Thursday, January 29, 2015


Andrew Sullivan, perhaps one of the most prolific bloggers of our time recently announced that after fifteen years he is retiring from this activity. In his latest post, he discussed what he would do next. “I want to read again, slowly, carefully,” he wrote. “I want to absorb a difficult book and walk around in my own thoughts with it for a while. I want to have an idea and let it slowly take shape, rather than be instantly blogged.”

When I read his comments, it reminded me that my postings on “Just Saying . . .” have dwindled more and more each of the last three years. In 2015, I’ve published two posts, twenty in 2014, thirty-one in 2013, more than sixty in 2012, and  a total of four hundred and sixty four times since my blogging activity began in 2008. The impulse to tell  the reason for the decline has been percolating over the last year, and Sullivan’s announcement has moved me past the ‘I’ll do it tomorrow” point to this posting.

First of all, I need to digress and explain my initial venture into blogging.  By 2008, I’d spent nearly six years writing most of the novel “Serenity” but I couldn’t figure out how to end the story.  I was stuck. The common malady is generally called “writer’s block.” It took four years of maintaining the practice of nearly daily blog writing before the block disappeared and I was able to finish the story.  As a humorous and coincidental aside, every time I now type the word “blogging” my Auto-correct changes the word to “bogging,” which neatly depicts the state of my writing and mind when I started blogging, i.e. “bogging” begat “blogging.”

The purpose of my blogging was to help me, a retired senior citizen, develop the practice of consistent daily writing to keep me occupied in a fruitful manner while my golf game, and various and sundry other activities, declined in what might be viewed as in an “age-related” fashion. After completing Serenity, I was able to focus more clearly on another project that, as Mr. Sullivan so aptly characterizes as ”an idea that slowly takes shape," the net result being the near-completion of another novel which is now in the final stages of editing.  As that project is slowly coming to an end, other ideas have “slowly taken shape” and I am now at work on another novel, revising my first book, and writing two screenplays based on Serenity and the new novel.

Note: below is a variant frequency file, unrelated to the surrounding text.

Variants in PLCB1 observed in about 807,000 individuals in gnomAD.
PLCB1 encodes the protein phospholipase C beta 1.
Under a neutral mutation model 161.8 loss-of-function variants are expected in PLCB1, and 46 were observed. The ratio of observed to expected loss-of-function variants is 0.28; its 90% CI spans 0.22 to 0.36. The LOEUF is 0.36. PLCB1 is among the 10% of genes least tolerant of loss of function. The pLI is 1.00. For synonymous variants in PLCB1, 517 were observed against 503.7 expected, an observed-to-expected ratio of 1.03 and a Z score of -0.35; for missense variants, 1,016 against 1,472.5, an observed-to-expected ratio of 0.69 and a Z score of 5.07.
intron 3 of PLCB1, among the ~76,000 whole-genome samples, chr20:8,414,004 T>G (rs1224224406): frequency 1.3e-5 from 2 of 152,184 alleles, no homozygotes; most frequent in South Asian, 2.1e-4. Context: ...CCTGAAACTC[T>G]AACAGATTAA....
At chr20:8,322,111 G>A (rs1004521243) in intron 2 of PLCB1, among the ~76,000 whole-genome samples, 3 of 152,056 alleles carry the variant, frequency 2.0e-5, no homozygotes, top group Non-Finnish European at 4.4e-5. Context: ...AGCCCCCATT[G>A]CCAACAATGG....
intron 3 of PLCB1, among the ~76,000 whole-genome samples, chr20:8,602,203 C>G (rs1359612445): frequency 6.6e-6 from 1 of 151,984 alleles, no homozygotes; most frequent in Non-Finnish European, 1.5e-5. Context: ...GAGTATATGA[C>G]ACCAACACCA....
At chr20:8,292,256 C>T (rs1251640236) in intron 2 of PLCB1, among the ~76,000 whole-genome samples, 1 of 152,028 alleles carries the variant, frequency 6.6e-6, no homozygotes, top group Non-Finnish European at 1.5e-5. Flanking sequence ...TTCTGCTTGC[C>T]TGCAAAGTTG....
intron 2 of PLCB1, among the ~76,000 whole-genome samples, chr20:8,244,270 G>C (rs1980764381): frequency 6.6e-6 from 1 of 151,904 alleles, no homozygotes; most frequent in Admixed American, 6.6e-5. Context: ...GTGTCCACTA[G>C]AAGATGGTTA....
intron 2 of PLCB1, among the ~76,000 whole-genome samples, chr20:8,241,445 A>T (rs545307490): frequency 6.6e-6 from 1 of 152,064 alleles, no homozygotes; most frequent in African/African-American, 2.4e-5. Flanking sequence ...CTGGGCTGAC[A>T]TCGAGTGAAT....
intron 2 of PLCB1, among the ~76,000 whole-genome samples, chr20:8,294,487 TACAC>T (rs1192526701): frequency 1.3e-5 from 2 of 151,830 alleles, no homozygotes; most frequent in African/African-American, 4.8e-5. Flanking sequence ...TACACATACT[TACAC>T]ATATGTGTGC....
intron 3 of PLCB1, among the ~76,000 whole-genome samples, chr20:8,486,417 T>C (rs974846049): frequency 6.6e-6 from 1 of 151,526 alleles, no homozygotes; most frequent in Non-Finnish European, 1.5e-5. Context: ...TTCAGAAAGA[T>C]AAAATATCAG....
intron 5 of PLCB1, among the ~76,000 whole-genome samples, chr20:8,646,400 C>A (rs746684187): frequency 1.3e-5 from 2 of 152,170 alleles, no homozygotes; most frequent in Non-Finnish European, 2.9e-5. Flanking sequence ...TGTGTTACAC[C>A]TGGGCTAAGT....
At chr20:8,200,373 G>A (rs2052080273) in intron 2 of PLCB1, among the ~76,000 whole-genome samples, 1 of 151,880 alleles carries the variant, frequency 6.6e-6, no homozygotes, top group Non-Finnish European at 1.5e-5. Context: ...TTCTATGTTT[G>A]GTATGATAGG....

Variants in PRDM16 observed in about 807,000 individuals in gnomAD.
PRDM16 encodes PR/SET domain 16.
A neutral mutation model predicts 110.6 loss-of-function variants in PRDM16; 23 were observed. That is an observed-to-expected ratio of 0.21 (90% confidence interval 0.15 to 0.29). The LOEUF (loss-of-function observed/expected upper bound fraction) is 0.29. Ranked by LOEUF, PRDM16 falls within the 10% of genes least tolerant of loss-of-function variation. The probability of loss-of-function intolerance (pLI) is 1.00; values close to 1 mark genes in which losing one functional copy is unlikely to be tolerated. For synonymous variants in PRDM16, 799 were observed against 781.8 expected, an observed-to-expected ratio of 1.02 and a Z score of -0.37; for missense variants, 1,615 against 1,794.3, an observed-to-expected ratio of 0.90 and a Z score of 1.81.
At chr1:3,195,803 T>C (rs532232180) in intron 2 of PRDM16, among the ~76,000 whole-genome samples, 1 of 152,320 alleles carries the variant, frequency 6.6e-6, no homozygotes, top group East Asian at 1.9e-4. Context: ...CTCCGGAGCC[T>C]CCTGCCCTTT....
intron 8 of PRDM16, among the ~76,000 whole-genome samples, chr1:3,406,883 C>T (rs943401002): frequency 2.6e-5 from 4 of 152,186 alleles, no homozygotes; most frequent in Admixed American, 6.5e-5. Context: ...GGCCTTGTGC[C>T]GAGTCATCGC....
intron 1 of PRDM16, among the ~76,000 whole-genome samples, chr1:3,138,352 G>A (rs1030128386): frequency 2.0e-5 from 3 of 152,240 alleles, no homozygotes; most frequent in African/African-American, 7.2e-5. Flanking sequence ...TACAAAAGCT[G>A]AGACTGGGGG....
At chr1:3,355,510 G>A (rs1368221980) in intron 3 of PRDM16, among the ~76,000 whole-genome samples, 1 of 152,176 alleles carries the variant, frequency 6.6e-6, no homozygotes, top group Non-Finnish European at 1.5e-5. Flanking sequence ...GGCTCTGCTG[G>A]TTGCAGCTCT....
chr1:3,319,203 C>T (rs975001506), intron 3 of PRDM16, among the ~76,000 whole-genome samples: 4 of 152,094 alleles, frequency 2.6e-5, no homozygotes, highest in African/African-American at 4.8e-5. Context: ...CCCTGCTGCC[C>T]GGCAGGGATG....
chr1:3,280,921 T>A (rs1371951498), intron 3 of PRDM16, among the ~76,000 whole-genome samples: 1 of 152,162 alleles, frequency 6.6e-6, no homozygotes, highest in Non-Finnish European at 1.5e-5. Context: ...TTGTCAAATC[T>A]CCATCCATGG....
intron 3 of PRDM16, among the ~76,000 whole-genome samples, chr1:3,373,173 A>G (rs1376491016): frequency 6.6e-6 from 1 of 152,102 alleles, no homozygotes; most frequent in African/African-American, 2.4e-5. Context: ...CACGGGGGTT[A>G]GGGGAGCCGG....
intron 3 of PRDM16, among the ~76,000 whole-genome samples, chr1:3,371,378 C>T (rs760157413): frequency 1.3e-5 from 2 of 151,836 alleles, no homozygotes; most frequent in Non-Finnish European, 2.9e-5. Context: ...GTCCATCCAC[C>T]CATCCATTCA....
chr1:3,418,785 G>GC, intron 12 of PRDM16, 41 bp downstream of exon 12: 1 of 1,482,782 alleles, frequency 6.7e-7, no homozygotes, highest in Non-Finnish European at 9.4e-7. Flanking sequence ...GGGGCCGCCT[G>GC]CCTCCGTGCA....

So, what I am “just saying” is that my blog posting is coming to an end.  Thanks so much for having allowed me to present my thoughts, good or bad, to you this past seven years.

Wednesday, January 28, 2015

Money Talks!

An extremely interesting statement appears in the New York Times this morning (January 29, 2015) in a story about the Koch brothers 900 million dollar plan to grasp control of state and federal governments in the 1916 elections. The statement “The group’s budget, disclosed by a conference attendee, reflects the rising ambition and expanded reach of the Koch operation, which has sought to distinguish itself from other outside groups by emphasizing the role of donors over consultants and political operatives.” tells all of us and, hopefully, members of the U.S. Supreme Court that money buys results. The 5-4 Citizens United decision five years ago danced around the definition of corruption and the Court reversed its own decisions as well as a legislative history of over 100 years in giving corporations and individuals the unlimited right to donate as much money as they want in exercising their, ahem, first amendment right to participate in our rapidly-evolving oligarchic-hybrid form of democracy. This hybrid has as its motto “Money talks.” This is no equal playing field, folks. The millions of us who are willing and able to contribute fifty or a hundred dollars to a favorite candidate are being left in the literal dust as the Koch-types purchase more and more politicians to advance their own objectives.